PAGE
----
Yet the ‘nuclear option’ was a real option and a huge threat to the Eurozone, had it been deployed. The elites knew this full well and had (had) being preparing the ground for such an eventuality for some time. They had started to suggest that maybe contagion could be contained after all, and that it might even be a good thing if Greece went its own way and left the Euro or even the EU. It was cynical spin, of course. A Greek exit would have engendered (and would still engender) a huge crisis in the EU, but it was an effective ploy.
The fact is that Eurozone is locked into a deflationary crisis that is not about to go away. The Euro is fragile and the possibility of it surviving a Greek default and exit from the Euro without contagion spreading in particular to Spain but also to Portugal Ireland and Italy was and is slim.
The ‘nuclear option’, of course, could only have been deployed with the intention to carry it through and would have meant, if the elites refused to move, the rapid imposition of capital movement controls, measures to control the banks, and preparation for Eurozone exit. It might also have meant a new mandate from the electorate.
But the need for a plan B will not go away, since the deal resolves nothing. It might give the Greek government a bit more time, but time to do what? New ultimatums will come. There will be another in four months time when this deal runs out. In fact each time a crisis point is reached, in terms of the Greek economy, the elites will threaten banking collapse in order to force the Greek government to accept their terms. Each time the question of a plan B will be posed. Eventually their bluff will have to be called or a setback will turn into a defeat.
The January 25th victory
None of this invalidates Syriza’s remarkable victory on January 25—, which was (and is) historic event for the European working class, the lessons of which will not be lost. For the first time in Europe, in the post-war period at least, a party of the radical left (well to the left of social democracy) won an election and formed a government with a mass popular support.
In the course of this victory Syriza politically defeated PASOK, one of the strongest social democratic parties in Europe, and reduced it to an electoral irrelevance. In 2009 PASOK won 44% of the vote and 160 seats now it won just 4.7% of the votes. George Papandreou, who became Pasok prime minister in 2009, formed a breakaway party for these elections, and won only 2.5% of the vote.
It was (and is) victory that gives new hope right across Europe, in terms of an alternative to austerity. Suddenly there was an alternative and it existed at governmental level. It put radical left challenges at the level of government firmly on the agenda, which has already found a powerful echo in Spain with Podemos.
The victory was not the product of an election campaign, or of the Tsipras leadership, but of a remarkable period of class struggle in Greece (the highest in Europe by far in the course of this crisis) since the introduction of austerity in 2009. The Greek population were faced with rising unemployment, particularly amongst young people, dramatically falling wage levels, a collapsing healthcare system and escalating homelessness. In response there were 32 general strikes, hundreds of smaller strikes, demonstrations, occupations of city and town squares, mass social movements and student mobilisations.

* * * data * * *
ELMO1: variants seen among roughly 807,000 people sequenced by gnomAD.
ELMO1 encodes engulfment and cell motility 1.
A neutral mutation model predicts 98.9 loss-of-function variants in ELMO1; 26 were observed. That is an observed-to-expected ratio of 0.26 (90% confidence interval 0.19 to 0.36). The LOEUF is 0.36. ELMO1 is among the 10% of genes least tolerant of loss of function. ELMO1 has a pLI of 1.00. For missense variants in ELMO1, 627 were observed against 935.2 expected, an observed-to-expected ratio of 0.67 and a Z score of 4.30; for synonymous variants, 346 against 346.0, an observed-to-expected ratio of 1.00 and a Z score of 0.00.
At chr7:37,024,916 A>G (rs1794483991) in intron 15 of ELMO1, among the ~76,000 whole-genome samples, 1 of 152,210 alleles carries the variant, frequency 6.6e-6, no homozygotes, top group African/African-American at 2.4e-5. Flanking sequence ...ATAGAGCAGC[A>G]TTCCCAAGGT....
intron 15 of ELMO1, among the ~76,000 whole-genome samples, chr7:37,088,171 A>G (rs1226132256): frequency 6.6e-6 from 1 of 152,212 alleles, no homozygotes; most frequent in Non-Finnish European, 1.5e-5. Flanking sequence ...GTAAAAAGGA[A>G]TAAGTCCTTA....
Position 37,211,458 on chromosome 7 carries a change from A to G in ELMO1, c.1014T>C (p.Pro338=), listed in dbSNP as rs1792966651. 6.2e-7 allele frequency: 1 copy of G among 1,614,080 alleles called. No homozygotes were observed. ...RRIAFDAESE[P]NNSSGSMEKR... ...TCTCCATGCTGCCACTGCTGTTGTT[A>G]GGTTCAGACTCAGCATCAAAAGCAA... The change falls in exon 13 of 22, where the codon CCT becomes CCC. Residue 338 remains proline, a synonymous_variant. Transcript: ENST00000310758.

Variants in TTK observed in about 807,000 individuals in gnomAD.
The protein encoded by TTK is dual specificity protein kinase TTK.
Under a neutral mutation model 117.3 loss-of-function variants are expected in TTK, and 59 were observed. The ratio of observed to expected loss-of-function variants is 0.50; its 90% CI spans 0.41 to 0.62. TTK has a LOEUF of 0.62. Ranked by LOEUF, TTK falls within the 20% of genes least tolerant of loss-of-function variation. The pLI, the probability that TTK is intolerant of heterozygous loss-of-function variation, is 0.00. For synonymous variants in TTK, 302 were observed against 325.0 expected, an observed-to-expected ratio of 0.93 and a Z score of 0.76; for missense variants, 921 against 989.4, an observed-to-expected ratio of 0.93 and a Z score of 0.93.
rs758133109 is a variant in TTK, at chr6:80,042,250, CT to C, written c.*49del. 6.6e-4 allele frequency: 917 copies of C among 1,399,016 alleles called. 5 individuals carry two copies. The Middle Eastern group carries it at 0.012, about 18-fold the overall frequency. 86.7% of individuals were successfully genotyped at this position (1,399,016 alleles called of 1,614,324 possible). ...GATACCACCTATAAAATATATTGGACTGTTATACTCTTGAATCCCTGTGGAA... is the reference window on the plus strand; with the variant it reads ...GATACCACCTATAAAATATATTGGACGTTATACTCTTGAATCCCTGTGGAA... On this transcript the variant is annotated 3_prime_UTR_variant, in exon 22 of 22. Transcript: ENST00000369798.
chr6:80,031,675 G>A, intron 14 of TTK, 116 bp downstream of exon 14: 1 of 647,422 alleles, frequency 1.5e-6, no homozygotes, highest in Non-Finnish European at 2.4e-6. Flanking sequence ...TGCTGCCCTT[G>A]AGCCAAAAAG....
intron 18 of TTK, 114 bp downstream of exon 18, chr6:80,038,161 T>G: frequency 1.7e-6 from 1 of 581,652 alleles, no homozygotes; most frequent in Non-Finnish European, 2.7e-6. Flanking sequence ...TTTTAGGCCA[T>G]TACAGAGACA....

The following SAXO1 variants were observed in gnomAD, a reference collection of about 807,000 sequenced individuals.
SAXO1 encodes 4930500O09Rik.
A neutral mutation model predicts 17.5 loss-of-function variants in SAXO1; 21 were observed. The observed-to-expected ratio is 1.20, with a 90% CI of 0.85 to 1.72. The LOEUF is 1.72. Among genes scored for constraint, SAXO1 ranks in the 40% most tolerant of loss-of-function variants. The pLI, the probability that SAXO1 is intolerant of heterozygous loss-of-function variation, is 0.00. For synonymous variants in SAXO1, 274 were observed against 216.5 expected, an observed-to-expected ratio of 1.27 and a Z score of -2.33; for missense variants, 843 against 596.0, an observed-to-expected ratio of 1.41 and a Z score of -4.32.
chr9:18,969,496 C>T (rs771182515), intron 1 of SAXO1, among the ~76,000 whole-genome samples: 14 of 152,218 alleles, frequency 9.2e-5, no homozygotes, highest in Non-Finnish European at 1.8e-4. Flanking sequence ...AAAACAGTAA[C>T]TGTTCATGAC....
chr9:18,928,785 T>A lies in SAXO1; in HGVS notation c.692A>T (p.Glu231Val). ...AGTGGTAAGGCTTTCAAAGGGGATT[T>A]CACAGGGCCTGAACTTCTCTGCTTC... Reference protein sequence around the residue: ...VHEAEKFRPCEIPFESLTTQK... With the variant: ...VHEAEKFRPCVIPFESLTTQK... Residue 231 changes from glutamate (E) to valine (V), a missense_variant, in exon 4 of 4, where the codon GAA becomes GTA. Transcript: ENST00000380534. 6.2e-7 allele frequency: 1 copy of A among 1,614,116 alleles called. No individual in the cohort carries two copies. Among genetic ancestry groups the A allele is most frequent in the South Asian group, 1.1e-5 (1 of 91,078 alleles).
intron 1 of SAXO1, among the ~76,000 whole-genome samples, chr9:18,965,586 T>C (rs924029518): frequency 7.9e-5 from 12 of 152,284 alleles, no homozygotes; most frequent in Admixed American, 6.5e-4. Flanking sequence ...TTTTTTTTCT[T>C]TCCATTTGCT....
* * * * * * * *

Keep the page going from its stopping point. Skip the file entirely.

When this struggle reached an impasse by 2012—i.e. when even this level of struggle had failed to stop a single austerity measure being forced in—it became increasing clear that there had to be a political/governmental dimension to the struggle if a breakthrough was to be made. It was this harsh reality that led Syriza to launch its call for a government of the anti-austerity left—the call that caught the mass mood and led to Syriza rising from single figures in the polls to 27% in the June 2012 election.
It was a strategically important proposal that has important lessons for the European left and those struggling against austerity. It was also one, however, that was rejected, after approaches by Syriza, by the other two significant sections of the left, the KKE, traditionally by far the most powerful, and Antarsya, which includes sections of the far left. Both were marginalised at the polls by this decision.
Opposition breaks out
It could hardly be clearer that the most effective place for any section of the Greek left to be, particularly since its call for the a government of the anti-austerity left, is either in Syriza or in solidarity with it.
In fact the battle for the future direction of Syriza, and of the government, has already opened up and it is inside Syriza itself. It is a battle that is possible because Syriza is a democratically constructed party with a large organised Left Platform within it that was winning 30% of the vote in conferences before the election. Such a democratic structure (with the rights of minorities) is a crucial factor in such a situation.
First there has been a sharp debate amongst Syriza MPs with a large number expressing criticism of the agreement and the strategy followed by the government. This includes the Left Platform MPs but goes far beyond them. Second World War resistance hero Manolis Glezos has also denounced the deal in blistering terms.
Then came the first meeting of Syriza’s Central Committee after the deal, which met last weekend. This was deeply split over the deal with the Left Platform opposing it and significantly extended its support in the process. According to a report by CC member Stathis Kouvelakis an amendment opposing the deal got a remarkable 41% of the vote. The amendment said the following: